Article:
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DUP Deal

No Deal Might Have Been Preferable

It has been amusing over the last 24 hours to see the incredible hypocrisy from Labour supporters over the deal with the DUP – I don’t recall such opprobrium over Gordon Brown attempting a deal with the DUP in 2010, nor do I recall any Corbynistas disowning themselves from a potential deal with Sinn Fein.

Then a complete packet of lies, with the Corbynistas suggesting that there was £1.5bn going straight to the DUP.  The money doesn’t go to the DUP – it will be spent on infrastructure, health, education, etc, and the extra amount going to Northern Ireland is actually £1bn.

Followed by the biggest joke of all – Corbynista comrades suggesting the money is coming from the magic money tree.  So says the party of large unnecessary deficits from 2001 to 2007, with the most unrealistic, dangerous manifesto ever that even Ed Balls confirms would cost the British taxpayer significant sums.  About as fully-costed as a certain someone is strong and stable.

Speaking of whom, didn’t she look uncomfortable when unveiling the deal yesterday?  Oh yeah, she always does.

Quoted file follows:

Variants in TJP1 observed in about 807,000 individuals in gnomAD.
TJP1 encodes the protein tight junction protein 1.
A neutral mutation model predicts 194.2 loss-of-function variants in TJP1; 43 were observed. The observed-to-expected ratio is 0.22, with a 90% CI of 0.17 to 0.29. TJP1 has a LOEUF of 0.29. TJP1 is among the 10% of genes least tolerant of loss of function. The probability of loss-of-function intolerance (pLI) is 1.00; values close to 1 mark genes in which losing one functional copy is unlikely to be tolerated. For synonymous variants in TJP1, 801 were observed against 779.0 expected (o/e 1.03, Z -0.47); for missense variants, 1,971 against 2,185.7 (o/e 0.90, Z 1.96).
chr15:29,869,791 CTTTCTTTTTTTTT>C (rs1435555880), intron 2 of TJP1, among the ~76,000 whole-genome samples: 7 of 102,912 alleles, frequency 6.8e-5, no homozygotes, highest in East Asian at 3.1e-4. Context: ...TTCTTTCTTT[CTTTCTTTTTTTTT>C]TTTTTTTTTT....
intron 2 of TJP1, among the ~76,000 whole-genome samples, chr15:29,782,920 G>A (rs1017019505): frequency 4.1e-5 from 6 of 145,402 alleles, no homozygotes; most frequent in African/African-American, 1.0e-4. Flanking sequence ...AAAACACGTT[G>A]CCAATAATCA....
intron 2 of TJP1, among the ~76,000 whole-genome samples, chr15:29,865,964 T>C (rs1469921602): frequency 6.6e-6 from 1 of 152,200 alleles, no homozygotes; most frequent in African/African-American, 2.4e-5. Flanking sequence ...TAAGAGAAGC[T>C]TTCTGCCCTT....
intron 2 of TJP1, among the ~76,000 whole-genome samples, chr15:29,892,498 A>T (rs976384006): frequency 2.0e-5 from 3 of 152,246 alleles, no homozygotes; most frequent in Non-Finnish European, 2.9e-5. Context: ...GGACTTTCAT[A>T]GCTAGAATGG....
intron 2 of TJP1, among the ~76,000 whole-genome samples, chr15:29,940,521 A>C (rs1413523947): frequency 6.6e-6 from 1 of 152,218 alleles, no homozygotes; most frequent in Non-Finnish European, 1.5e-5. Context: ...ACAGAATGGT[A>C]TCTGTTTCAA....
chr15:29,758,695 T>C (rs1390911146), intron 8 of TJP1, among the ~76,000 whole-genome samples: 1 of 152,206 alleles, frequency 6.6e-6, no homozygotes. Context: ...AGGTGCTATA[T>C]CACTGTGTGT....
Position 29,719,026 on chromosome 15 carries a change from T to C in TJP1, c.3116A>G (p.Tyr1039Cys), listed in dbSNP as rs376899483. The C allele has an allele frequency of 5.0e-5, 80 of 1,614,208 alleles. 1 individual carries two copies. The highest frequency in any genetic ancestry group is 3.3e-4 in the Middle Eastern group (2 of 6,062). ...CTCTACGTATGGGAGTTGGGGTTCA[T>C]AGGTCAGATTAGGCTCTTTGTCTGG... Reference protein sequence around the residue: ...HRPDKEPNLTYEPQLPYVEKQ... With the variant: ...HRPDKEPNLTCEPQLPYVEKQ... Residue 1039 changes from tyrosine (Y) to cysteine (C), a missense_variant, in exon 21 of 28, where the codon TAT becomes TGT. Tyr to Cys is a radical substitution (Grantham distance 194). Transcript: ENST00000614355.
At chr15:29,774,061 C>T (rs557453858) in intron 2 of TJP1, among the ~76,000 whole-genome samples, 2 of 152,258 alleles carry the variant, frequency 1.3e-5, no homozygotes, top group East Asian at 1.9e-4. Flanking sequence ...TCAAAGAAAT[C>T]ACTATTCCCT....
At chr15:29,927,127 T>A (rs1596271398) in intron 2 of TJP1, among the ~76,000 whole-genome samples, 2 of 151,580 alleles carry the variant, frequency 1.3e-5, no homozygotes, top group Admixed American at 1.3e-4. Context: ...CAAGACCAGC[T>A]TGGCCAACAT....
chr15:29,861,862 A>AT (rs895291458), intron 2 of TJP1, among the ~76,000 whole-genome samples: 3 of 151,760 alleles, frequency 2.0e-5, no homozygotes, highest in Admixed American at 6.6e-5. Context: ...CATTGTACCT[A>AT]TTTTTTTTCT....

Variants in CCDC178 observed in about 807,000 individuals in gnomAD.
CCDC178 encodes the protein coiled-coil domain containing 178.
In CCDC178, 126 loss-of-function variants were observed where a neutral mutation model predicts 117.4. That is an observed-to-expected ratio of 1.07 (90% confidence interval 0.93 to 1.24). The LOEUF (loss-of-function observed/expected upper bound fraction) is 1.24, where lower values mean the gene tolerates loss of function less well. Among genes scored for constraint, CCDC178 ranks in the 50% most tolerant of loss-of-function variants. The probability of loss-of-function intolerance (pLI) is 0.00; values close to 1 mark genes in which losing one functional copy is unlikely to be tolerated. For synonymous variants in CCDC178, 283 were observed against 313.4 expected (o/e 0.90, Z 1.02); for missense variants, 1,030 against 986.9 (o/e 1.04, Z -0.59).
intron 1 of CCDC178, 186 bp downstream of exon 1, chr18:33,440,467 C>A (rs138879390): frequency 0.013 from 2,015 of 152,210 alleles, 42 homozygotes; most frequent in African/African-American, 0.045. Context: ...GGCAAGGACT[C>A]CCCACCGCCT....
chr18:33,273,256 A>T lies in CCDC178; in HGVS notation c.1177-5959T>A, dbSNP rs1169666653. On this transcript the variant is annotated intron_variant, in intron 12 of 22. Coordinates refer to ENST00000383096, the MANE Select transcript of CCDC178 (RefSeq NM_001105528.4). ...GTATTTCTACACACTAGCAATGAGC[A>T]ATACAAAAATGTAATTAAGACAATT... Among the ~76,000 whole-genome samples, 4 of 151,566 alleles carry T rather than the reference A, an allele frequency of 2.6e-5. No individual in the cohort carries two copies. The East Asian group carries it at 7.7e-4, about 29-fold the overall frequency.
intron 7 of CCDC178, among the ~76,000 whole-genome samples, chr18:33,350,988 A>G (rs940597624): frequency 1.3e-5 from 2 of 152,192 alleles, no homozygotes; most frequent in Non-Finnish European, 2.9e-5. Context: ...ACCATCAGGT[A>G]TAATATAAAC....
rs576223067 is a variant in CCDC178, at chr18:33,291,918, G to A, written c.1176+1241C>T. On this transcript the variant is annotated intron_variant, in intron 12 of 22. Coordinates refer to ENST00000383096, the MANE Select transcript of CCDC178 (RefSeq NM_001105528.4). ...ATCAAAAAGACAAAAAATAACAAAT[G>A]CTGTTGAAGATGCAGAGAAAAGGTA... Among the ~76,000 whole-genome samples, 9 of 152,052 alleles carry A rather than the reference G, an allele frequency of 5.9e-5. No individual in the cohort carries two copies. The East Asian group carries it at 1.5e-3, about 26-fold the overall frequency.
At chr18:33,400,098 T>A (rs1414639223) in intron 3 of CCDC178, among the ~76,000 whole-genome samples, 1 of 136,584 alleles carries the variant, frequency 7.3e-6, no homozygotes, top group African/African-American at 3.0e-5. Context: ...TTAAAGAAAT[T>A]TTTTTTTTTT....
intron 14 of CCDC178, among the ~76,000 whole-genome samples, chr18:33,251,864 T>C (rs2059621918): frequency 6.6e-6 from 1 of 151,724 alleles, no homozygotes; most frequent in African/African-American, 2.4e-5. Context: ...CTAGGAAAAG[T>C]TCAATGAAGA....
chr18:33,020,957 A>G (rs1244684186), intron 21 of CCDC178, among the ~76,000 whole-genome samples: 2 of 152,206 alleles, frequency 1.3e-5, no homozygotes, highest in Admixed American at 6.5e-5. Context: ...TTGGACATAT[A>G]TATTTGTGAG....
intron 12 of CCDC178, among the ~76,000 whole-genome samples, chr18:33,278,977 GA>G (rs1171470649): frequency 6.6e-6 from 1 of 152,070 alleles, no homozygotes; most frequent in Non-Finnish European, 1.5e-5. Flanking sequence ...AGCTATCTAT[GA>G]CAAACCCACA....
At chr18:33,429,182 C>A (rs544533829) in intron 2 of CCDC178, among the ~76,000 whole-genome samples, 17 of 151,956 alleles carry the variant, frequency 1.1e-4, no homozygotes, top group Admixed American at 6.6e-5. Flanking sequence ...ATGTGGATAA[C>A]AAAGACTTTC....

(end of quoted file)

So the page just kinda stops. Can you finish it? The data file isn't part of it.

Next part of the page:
I cannot say I am comfortable with it either.

The £1bn is just the tip of the iceberg – the unfair, arbitrary 2.5% increase in pensions stays, as does Richard Branson’s winter fuel allowance.  Targets for balancing the budget are being forgotten.

It seems that we are now going to see the effects of a rising opposition.  In recent years, we have seen the damage from a rise in UKIP popularity – a referendum leading now to Brexit.  Now I fear that we are going to see the effects of temporary socialist popularity – the people are apparently fed up of the government trying to live within our means and would like to expand the budget deficit and accelerate the increase in debt – because Corbyn has told them they can have everyone’s cake and the rich will pay for it.

Not only are we now going to have to contend with a potential Brexit recession/slowdown this year, I expect that we are now going to see some form of unaffordable populist spending commitments from the Conservative Party, say for example, pay rises for public sector workers.

I cannot see the deficit falling further this year.  I also cannot see a surplus before the next decent recession, nor a reduction in the debt to GDP ratio.

Only the Labour Party want another election.  The DUP don’t want a Sinn Fein-supporting Labour Party in charge.  The Liberal Democrats need a new leader – and a new direction if they are to compete.  The SNP are close to being in freefall and the last thing they will want is another election.  Leave voters won’t want to put Brexit in any further jeopardy.

We didn’t need to do this deal.  We didn’t need to commit to further unnecessary spending.  We didn’t need to work with those with questionable views on abortion, etc.

But it is what it is.  Anything is better than socialism and the nasty, vile, left-wing bullies getting control.

Just remember – there still isn’t any money.  Your portion of the government debt currently stands around £28,000.